30 Apr Toy Tuesday: Hedbanz
This month Toy Tuesday comes from Emily, who shares her favourite ways to use Hedbanz with speech and language therapy targets.
Hedbanz is great fun for school-aged children and perfect for speech and language sessions as there’s very little preparation required and the game can be easily adapted depending on the age of the child, their needs and what is being targeted through therapy! The game can be played with 2-6 players. Everyone has a headband on their head and a picture card that they have not seen. The person must ask questions for the rest of the group to answer in order to work out what picture is on their head. Here are just a few of the ways this game can be used in speech and language sessions:
Asking and answering questions: The child will need to ask all sorts of questions to be able to guess what’s on their picture card. They will learn to use a range of carrier phrases, such as ‘Do I have…’, ‘Am I…’, to ask closed questions (yes/no responses) or the Hedbanz game can be adapted to target use and understanding of a range of ‘wh-‘ question stems (who/what/where/when) to ask open questions.
Turn Taking: Hedbanz can be played as a group or one-to-one. Either way, the child is required to take turns in asking and answering questions. This is great for developing conversational turn taking skills, which will hopefully carryover into the child’s everyday interactions.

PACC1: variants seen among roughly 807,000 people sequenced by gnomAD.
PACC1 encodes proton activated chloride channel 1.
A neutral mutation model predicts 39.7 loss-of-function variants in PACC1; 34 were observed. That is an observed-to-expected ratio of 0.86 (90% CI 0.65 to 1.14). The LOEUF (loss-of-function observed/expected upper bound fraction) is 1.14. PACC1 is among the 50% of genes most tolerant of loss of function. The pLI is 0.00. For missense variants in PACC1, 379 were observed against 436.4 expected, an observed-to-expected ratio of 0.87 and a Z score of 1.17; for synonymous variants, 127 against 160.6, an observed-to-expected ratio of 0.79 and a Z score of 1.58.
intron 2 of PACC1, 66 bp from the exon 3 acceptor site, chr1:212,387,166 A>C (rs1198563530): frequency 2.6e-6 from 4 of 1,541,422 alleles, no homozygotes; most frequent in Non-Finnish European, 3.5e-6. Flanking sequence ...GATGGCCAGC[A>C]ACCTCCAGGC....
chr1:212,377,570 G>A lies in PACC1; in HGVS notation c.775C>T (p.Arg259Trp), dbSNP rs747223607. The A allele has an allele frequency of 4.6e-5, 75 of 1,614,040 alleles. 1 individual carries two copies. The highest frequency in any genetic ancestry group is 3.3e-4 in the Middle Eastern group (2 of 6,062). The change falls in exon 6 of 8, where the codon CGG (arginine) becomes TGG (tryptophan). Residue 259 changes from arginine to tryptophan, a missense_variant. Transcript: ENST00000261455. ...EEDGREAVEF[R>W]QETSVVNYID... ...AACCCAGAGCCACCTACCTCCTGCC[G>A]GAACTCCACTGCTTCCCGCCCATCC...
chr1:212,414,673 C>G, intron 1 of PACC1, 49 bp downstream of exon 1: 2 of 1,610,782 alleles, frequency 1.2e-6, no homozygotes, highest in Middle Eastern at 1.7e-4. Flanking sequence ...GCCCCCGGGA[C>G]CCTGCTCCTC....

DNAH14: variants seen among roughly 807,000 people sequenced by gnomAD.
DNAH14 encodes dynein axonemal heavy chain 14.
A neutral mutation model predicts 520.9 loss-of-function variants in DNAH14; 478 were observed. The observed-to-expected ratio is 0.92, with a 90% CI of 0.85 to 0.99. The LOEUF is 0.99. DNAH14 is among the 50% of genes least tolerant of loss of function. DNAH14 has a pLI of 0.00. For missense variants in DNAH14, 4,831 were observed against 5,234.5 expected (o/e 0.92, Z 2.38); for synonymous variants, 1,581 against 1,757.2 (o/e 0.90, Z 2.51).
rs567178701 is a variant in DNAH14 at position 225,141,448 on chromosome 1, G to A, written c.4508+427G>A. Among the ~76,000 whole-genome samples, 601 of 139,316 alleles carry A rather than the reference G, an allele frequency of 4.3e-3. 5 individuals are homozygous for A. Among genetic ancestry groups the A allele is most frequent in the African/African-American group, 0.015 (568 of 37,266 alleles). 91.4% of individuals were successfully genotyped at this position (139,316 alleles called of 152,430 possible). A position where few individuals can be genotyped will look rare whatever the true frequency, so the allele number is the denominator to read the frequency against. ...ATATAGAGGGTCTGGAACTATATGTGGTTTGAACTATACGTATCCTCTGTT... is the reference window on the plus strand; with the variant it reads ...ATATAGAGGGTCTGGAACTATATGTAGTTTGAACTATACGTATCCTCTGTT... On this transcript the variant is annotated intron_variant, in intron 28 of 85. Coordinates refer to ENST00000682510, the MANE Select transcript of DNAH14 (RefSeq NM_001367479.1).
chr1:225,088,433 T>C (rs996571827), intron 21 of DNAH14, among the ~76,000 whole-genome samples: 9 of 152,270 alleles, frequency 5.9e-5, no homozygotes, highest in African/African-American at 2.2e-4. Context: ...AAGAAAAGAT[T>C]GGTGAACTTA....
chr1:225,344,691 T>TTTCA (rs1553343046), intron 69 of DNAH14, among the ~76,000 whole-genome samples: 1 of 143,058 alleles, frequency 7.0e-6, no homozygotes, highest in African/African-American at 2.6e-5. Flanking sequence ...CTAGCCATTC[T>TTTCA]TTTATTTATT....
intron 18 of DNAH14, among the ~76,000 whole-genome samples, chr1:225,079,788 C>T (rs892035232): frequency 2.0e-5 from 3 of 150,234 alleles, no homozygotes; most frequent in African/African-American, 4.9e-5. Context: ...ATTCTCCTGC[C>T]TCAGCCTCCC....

Descriptions and vocabulary: The child will need to think of various ways to describe items when asking and answering questions, for example thinking about how it may look, feel, sound, taste, what it does, and so on. A visual prompt sheet can be used to support the child to think about these different things when generating their questions. The game could also be adapted to a simpler level where the pictures are presented and the therapist and child work together to think of as many ways to describe the item as they can, or to compare two or more picture cards. This is great for introducing or reinforcing vocabulary, for example adjectives such as size/colour to describe what an item looks like or action words for thinking about what it does.
Categories: The pictures included in Hedbanz are generally based on a few categories, for example animals, food, household items, so the game can be adapted and used as a category sorting task. Once the child has worked out which broad category the pictures belong to, they can start to think of more narrow categories within that group, i.e. not just animals but farm animals, and not just food but perhaps fruit. Even when the game is played in its traditional headband format, the child will be categorising information throughout (i.e. once they know their picture is an animal, they can start to think of further ways to categorise and guess the item such as asking if it’s a farm/zoo/sea creature/pet type of animal).
Memory: The child will need to remember what has been said in order to build up an idea in their mind of what the item on their head could be. To support this, a range of memory strategies can be encouraged, such as rehearsal, visualisation or grouping the information.
Other speech and language targets: The headbands provided in this game can be used with other picture cards that the therapist has created to target many other areas of speech and language, for example pictures of words that have a specific sound the child is working on, or action pictures for the child to create subject-verb-object sentences about what is happening. The possibilities are endless for incorporating this motivating and engaging activity into speech and language therapy!